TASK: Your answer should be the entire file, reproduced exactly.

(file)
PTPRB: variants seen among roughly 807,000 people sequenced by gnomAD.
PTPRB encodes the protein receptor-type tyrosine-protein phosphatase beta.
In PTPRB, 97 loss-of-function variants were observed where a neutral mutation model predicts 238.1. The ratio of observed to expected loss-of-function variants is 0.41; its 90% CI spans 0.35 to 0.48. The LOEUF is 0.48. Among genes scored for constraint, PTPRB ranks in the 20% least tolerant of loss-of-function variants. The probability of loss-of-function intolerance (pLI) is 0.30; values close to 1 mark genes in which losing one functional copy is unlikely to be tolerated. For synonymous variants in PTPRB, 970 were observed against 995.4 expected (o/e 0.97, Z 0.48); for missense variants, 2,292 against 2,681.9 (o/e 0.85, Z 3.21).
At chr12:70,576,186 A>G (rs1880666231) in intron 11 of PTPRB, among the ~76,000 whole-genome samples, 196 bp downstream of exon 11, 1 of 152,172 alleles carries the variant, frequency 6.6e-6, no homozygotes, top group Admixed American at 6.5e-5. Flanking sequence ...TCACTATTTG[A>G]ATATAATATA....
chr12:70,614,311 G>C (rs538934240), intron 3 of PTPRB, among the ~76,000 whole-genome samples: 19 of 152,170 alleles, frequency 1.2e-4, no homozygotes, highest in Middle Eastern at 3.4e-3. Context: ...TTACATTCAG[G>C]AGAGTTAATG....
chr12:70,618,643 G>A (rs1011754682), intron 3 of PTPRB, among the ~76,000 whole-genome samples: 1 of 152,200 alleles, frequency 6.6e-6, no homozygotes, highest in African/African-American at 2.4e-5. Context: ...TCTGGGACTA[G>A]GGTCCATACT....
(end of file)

PTPRB: variants seen among roughly 807,000 people sequenced by gnomAD.
PTPRB encodes the protein receptor-type tyrosine-protein phosphatase beta.
In PTPRB, 97 loss-of-function variants were observed where a neutral mutation model predicts 238.1. The ratio of observed to expected loss-of-function variants is 0.41; its 90% CI spans 0.35 to 0.48. The LOEUF is 0.48. Among genes scored for constraint, PTPRB ranks in the 20% least tolerant of loss-of-function variants. The probability of loss-of-function intolerance (pLI) is 0.30; values close to 1 mark genes in which losing one functional copy is unlikely to be tolerated. For synonymous variants in PTPRB, 970 were observed against 995.4 expected (o/e 0.97, Z 0.48); for missense variants, 2,292 against 2,681.9 (o/e 0.85, Z 3.21).
At chr12:70,576,186 A>G (rs1880666231) in intron 11 of PTPRB, among the ~76,000 whole-genome samples, 196 bp downstream of exon 11, 1 of 152,172 alleles carries the variant, frequency 6.6e-6, no homozygotes, top group Admixed American at 6.5e-5. Flanking sequence ...TCACTATTTG[A>G]ATATAATATA....
chr12:70,614,311 G>C (rs538934240), intron 3 of PTPRB, among the ~76,000 whole-genome samples: 19 of 152,170 alleles, frequency 1.2e-4, no homozygotes, highest in Middle Eastern at 3.4e-3. Context: ...TTACATTCAG[G>C]AGAGTTAATG....
chr12:70,618,643 G>A (rs1011754682), intron 3 of PTPRB, among the ~76,000 whole-genome samples: 1 of 152,200 alleles, frequency 6.6e-6, no homozygotes, highest in African/African-American at 2.4e-5. Context: ...TCTGGGACTA[G>A]GGTCCATACT....